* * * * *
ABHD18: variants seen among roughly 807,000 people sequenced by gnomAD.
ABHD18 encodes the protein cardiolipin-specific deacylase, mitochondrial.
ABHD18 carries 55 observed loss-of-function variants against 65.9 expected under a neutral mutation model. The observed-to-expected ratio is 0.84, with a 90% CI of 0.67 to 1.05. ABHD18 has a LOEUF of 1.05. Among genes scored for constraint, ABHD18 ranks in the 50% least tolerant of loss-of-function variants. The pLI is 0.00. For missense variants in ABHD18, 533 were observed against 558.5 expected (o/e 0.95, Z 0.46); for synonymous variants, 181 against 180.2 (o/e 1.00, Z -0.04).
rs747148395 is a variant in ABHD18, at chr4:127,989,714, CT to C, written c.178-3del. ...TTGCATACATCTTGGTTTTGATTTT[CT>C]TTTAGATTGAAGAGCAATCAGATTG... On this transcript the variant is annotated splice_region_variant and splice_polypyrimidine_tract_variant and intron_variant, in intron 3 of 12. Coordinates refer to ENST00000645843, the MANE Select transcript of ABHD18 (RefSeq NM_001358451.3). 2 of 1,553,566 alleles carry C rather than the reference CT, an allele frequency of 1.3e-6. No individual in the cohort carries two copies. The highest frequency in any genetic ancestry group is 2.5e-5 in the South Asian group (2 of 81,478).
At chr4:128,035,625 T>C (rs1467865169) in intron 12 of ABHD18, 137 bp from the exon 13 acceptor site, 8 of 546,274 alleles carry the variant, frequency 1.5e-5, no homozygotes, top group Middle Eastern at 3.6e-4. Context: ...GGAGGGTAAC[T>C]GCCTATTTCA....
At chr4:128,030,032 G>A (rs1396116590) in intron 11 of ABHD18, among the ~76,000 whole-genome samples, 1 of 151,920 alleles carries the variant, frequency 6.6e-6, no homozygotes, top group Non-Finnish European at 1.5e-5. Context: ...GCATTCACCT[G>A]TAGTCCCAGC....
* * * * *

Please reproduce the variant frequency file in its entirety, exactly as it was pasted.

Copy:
ABHD18: variants seen among roughly 807,000 people sequenced by gnomAD.
ABHD18 encodes the protein cardiolipin-specific deacylase, mitochondrial.
ABHD18 carries 55 observed loss-of-function variants against 65.9 expected under a neutral mutation model. The observed-to-expected ratio is 0.84, with a 90% CI of 0.67 to 1.05. ABHD18 has a LOEUF of 1.05. Among genes scored for constraint, ABHD18 ranks in the 50% least tolerant of loss-of-function variants. The pLI is 0.00. For missense variants in ABHD18, 533 were observed against 558.5 expected (o/e 0.95, Z 0.46); for synonymous variants, 181 against 180.2 (o/e 1.00, Z -0.04).
rs747148395 is a variant in ABHD18, at chr4:127,989,714, CT to C, written c.178-3del. ...TTGCATACATCTTGGTTTTGATTTT[CT>C]TTTAGATTGAAGAGCAATCAGATTG... On this transcript the variant is annotated splice_region_variant and splice_polypyrimidine_tract_variant and intron_variant, in intron 3 of 12. Coordinates refer to ENST00000645843, the MANE Select transcript of ABHD18 (RefSeq NM_001358451.3). 2 of 1,553,566 alleles carry C rather than the reference CT, an allele frequency of 1.3e-6. No individual in the cohort carries two copies. The highest frequency in any genetic ancestry group is 2.5e-5 in the South Asian group (2 of 81,478).
At chr4:128,035,625 T>C (rs1467865169) in intron 12 of ABHD18, 137 bp from the exon 13 acceptor site, 8 of 546,274 alleles carry the variant, frequency 1.5e-5, no homozygotes, top group Middle Eastern at 3.6e-4. Context: ...GGAGGGTAAC[T>C]GCCTATTTCA....
At chr4:128,030,032 G>A (rs1396116590) in intron 11 of ABHD18, among the ~76,000 whole-genome samples, 1 of 151,920 alleles carries the variant, frequency 6.6e-6, no homozygotes, top group Non-Finnish European at 1.5e-5. Context: ...GCATTCACCT[G>A]TAGTCCCAGC....